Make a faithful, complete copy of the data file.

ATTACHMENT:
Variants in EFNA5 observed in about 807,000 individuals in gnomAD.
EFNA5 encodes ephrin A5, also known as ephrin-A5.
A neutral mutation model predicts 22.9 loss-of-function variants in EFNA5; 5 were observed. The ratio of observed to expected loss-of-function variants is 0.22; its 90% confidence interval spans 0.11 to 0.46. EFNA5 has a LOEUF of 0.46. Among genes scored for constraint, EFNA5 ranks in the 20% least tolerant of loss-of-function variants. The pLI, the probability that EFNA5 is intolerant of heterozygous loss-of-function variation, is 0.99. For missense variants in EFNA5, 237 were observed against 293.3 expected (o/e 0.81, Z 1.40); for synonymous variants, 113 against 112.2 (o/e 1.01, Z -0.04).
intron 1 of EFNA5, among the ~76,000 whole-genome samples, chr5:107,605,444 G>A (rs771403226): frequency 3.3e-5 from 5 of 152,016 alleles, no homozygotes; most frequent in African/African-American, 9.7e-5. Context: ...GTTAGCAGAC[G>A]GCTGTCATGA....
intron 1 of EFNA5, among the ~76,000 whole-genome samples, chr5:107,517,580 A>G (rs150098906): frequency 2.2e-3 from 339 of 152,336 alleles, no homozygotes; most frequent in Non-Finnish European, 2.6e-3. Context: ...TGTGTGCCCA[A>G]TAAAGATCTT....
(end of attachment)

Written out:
Variants in EFNA5 observed in about 807,000 individuals in gnomAD.
EFNA5 encodes ephrin A5, also known as ephrin-A5.
A neutral mutation model predicts 22.9 loss-of-function variants in EFNA5; 5 were observed. The ratio of observed to expected loss-of-function variants is 0.22; its 90% confidence interval spans 0.11 to 0.46. EFNA5 has a LOEUF of 0.46. Among genes scored for constraint, EFNA5 ranks in the 20% least tolerant of loss-of-function variants. The pLI, the probability that EFNA5 is intolerant of heterozygous loss-of-function variation, is 0.99. For missense variants in EFNA5, 237 were observed against 293.3 expected (o/e 0.81, Z 1.40); for synonymous variants, 113 against 112.2 (o/e 1.01, Z -0.04).
intron 1 of EFNA5, among the ~76,000 whole-genome samples, chr5:107,605,444 G>A (rs771403226): frequency 3.3e-5 from 5 of 152,016 alleles, no homozygotes; most frequent in African/African-American, 9.7e-5. Context: ...GTTAGCAGAC[G>A]GCTGTCATGA....
intron 1 of EFNA5, among the ~76,000 whole-genome samples, chr5:107,517,580 A>G (rs150098906): frequency 2.2e-3 from 339 of 152,336 alleles, no homozygotes; most frequent in Non-Finnish European, 2.6e-3. Context: ...TGTGTGCCCA[A>G]TAAAGATCTT....